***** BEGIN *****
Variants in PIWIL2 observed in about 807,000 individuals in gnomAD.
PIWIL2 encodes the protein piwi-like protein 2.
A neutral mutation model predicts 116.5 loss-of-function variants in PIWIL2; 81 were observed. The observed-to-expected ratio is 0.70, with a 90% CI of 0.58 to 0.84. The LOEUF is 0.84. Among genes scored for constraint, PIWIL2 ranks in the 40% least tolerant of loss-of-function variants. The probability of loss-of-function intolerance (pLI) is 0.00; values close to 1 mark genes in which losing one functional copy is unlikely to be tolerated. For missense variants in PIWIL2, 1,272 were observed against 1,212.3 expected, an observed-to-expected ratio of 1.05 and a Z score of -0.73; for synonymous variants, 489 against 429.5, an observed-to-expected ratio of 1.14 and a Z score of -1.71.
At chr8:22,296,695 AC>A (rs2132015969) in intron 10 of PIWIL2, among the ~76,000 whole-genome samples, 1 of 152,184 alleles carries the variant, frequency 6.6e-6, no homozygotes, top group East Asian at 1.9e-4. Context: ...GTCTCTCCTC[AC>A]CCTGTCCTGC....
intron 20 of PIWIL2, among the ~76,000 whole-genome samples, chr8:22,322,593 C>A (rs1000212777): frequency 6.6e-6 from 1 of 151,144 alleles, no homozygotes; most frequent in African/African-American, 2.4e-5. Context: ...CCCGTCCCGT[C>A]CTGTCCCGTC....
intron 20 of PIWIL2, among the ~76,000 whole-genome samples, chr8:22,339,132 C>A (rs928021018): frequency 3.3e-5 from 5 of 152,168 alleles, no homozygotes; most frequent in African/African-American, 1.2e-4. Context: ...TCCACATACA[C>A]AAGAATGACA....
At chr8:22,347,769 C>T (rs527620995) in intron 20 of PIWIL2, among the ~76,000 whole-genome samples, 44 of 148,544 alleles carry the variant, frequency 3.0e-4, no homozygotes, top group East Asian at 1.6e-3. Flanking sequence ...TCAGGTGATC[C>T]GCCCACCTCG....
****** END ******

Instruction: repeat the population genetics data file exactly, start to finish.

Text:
Variants in PIWIL2 observed in about 807,000 individuals in gnomAD.
PIWIL2 encodes the protein piwi-like protein 2.
A neutral mutation model predicts 116.5 loss-of-function variants in PIWIL2; 81 were observed. The observed-to-expected ratio is 0.70, with a 90% CI of 0.58 to 0.84. The LOEUF is 0.84. Among genes scored for constraint, PIWIL2 ranks in the 40% least tolerant of loss-of-function variants. The probability of loss-of-function intolerance (pLI) is 0.00; values close to 1 mark genes in which losing one functional copy is unlikely to be tolerated. For missense variants in PIWIL2, 1,272 were observed against 1,212.3 expected, an observed-to-expected ratio of 1.05 and a Z score of -0.73; for synonymous variants, 489 against 429.5, an observed-to-expected ratio of 1.14 and a Z score of -1.71.
At chr8:22,296,695 AC>A (rs2132015969) in intron 10 of PIWIL2, among the ~76,000 whole-genome samples, 1 of 152,184 alleles carries the variant, frequency 6.6e-6, no homozygotes, top group East Asian at 1.9e-4. Context: ...GTCTCTCCTC[AC>A]CCTGTCCTGC....
intron 20 of PIWIL2, among the ~76,000 whole-genome samples, chr8:22,322,593 C>A (rs1000212777): frequency 6.6e-6 from 1 of 151,144 alleles, no homozygotes; most frequent in African/African-American, 2.4e-5. Context: ...CCCGTCCCGT[C>A]CTGTCCCGTC....
intron 20 of PIWIL2, among the ~76,000 whole-genome samples, chr8:22,339,132 C>A (rs928021018): frequency 3.3e-5 from 5 of 152,168 alleles, no homozygotes; most frequent in African/African-American, 1.2e-4. Context: ...TCCACATACA[C>A]AAGAATGACA....
At chr8:22,347,769 C>T (rs527620995) in intron 20 of PIWIL2, among the ~76,000 whole-genome samples, 44 of 148,544 alleles carry the variant, frequency 3.0e-4, no homozygotes, top group East Asian at 1.6e-3. Flanking sequence ...TCAGGTGATC[C>T]GCCCACCTCG....